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State flunks WASL exam

Bainbridge students’ WASL scores didn’t add up.

An apparent decline in scores on the Washington Assessment of Student Learning – including a drop of about 10 points among Bainbridge High School students – was due to a coding error that deleted the scores of 46 students who took the test.

Woodward Middle School, Eagle Harbor High School, the Odyssey Multiage Program and the Home School Support Program also had students who took the test scored as “zeroes.” But Bainbridge High School, with 27 student scores left out, was most affected; having 13 other students skip the test didn’t help.

“We were shocked to find 40 students (scores) missing,” said Faith Chapel, the district’s deputy superintendent. “(The score of) any student has an impact on the overall score.”

The discrepancy between the number of students who took the test and the number scored was caught by Bainbridge administrators, who alerted the state Office of the Superintendent of Public Instruction in early August after preliminary test results were made available.

Pearson NCS, a Midwest educational testing company under contract with the OSPI to score the standardized exams – was informed of the problem but did not correct the scores.

Nor did the state catch the error the second time, and final scores released to the public Wednesday were still flawed.

Corrected scores are expected to be released early next week, OSPI spokesperson Kim Schmanke said.

“We were notified by the district of the error, and they asked us to correct it,” she said. “We contacted our scoring company, (as) the state does not have anything to do with administering and scoring the tests.

“We asked them to manually add those kids back in, (and) they did not make that change.”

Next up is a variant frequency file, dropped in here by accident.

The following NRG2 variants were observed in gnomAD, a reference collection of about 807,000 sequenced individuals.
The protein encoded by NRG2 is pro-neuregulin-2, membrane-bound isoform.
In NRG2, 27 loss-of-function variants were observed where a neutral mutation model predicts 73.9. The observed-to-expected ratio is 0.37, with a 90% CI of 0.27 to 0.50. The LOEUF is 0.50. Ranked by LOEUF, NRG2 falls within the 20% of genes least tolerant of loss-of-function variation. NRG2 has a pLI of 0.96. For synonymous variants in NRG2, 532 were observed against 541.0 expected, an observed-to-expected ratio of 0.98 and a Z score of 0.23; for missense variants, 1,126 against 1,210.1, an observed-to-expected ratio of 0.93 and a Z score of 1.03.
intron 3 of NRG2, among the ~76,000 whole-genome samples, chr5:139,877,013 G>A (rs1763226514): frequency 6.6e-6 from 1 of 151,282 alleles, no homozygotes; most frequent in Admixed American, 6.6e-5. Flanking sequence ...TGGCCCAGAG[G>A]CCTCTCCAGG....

The “missing” students were mistakenly listed as part-time home-schooled kids, a glitch that occurred when the Bainbridge district converted to a new data system last year.

In that process, students who had been homeschooled in the past were counted as current homeschoolers.

OSPI drew information directly from that database to identify where students were enrolled.

Since homeschoolers’ WASL scores are reported individually to the district but not to OSPI, each “missing” student’s score was counted as a zero.

“We couldn’t even hand-calculate those numbers because we never see those numbers...we just don’t have their scores,” Schmanke said. “So we have to wait for the scoring company to make some action on that.”

The 14 BHS students who did not take the mandatory test apparently were not an organized group who objected on philosophical grounds.

That’s in contrast to spring 2003, when 20 students boycotted the WASLs because they and their families objected to the emphasis on standardized testing.

“I had at least some degree of interaction with most of these (current) families,” BHS Principal Brent Peterson said. “There were three families with philosophical (or) political disagreements, but more prevalent was families’ concern about students with special educational needs who did not fall within the realm of kids excused by the state from taking the test.”

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Bainbridge fourth-graders’ scores, with all students counted, showed clear progress over the 2003 numbers, gaining 5.8 percentage points in reading; 3.5 points in math; and 7.7 in writing over 2003.

Test results from spring 2004 show 92 percent of district fourth-grade students met or exceeded state standards in reading; 82.8 percent did so in math; and 79 percent met standards in writing.

But as usual, Bainbrgde was nudged out only by Mercer Island. While the two districts tied in reading scores, 88.5 percent of Mercer fourth-grade kids met state standards in math and 83.3 in writing.

Corrected scores for other grades will be published when they are available.

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